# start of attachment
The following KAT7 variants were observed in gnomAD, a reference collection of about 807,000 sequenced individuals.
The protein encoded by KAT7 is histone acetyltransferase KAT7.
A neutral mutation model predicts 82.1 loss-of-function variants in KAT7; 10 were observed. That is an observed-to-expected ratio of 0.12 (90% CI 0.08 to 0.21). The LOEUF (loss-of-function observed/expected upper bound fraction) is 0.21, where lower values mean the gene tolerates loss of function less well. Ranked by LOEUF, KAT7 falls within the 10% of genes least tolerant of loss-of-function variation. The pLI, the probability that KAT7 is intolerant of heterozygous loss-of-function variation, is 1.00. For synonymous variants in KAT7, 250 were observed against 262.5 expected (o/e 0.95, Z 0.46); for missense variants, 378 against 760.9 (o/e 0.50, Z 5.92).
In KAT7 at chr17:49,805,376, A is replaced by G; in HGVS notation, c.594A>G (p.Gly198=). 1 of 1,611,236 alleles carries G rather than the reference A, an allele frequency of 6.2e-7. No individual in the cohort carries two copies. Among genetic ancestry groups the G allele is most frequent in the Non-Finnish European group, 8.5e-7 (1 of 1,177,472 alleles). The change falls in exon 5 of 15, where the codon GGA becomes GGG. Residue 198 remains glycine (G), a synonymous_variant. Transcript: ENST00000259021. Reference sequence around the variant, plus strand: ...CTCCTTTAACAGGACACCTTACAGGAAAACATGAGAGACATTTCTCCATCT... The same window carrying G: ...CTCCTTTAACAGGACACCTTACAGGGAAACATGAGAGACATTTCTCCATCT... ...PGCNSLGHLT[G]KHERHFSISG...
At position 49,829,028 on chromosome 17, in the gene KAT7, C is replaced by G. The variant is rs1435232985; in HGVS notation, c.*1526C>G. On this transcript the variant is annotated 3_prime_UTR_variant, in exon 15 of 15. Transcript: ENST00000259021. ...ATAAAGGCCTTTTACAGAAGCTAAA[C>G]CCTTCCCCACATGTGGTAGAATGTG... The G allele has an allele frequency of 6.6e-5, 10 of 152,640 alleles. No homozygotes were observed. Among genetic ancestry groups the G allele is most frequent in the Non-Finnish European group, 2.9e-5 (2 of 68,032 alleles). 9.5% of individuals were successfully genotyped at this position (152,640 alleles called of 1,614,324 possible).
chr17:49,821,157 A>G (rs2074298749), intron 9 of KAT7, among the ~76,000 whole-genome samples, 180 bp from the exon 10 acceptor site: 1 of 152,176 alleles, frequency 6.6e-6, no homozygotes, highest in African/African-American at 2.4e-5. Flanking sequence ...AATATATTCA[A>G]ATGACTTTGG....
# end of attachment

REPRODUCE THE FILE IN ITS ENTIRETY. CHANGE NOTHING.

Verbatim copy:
The following KAT7 variants were observed in gnomAD, a reference collection of about 807,000 sequenced individuals.
The protein encoded by KAT7 is histone acetyltransferase KAT7.
A neutral mutation model predicts 82.1 loss-of-function variants in KAT7; 10 were observed. That is an observed-to-expected ratio of 0.12 (90% CI 0.08 to 0.21). The LOEUF (loss-of-function observed/expected upper bound fraction) is 0.21, where lower values mean the gene tolerates loss of function less well. Ranked by LOEUF, KAT7 falls within the 10% of genes least tolerant of loss-of-function variation. The pLI, the probability that KAT7 is intolerant of heterozygous loss-of-function variation, is 1.00. For synonymous variants in KAT7, 250 were observed against 262.5 expected (o/e 0.95, Z 0.46); for missense variants, 378 against 760.9 (o/e 0.50, Z 5.92).
In KAT7 at chr17:49,805,376, A is replaced by G; in HGVS notation, c.594A>G (p.Gly198=). 1 of 1,611,236 alleles carries G rather than the reference A, an allele frequency of 6.2e-7. No individual in the cohort carries two copies. Among genetic ancestry groups the G allele is most frequent in the Non-Finnish European group, 8.5e-7 (1 of 1,177,472 alleles). The change falls in exon 5 of 15, where the codon GGA becomes GGG. Residue 198 remains glycine (G), a synonymous_variant. Transcript: ENST00000259021. Reference sequence around the variant, plus strand: ...CTCCTTTAACAGGACACCTTACAGGAAAACATGAGAGACATTTCTCCATCT... The same window carrying G: ...CTCCTTTAACAGGACACCTTACAGGGAAACATGAGAGACATTTCTCCATCT... ...PGCNSLGHLT[G]KHERHFSISG...
At position 49,829,028 on chromosome 17, in the gene KAT7, C is replaced by G. The variant is rs1435232985; in HGVS notation, c.*1526C>G. On this transcript the variant is annotated 3_prime_UTR_variant, in exon 15 of 15. Transcript: ENST00000259021. ...ATAAAGGCCTTTTACAGAAGCTAAA[C>G]CCTTCCCCACATGTGGTAGAATGTG... The G allele has an allele frequency of 6.6e-5, 10 of 152,640 alleles. No homozygotes were observed. Among genetic ancestry groups the G allele is most frequent in the Non-Finnish European group, 2.9e-5 (2 of 68,032 alleles). 9.5% of individuals were successfully genotyped at this position (152,640 alleles called of 1,614,324 possible).
chr17:49,821,157 A>G (rs2074298749), intron 9 of KAT7, among the ~76,000 whole-genome samples, 180 bp from the exon 10 acceptor site: 1 of 152,176 alleles, frequency 6.6e-6, no homozygotes, highest in African/African-American at 2.4e-5. Flanking sequence ...AATATATTCA[A>G]ATGACTTTGG....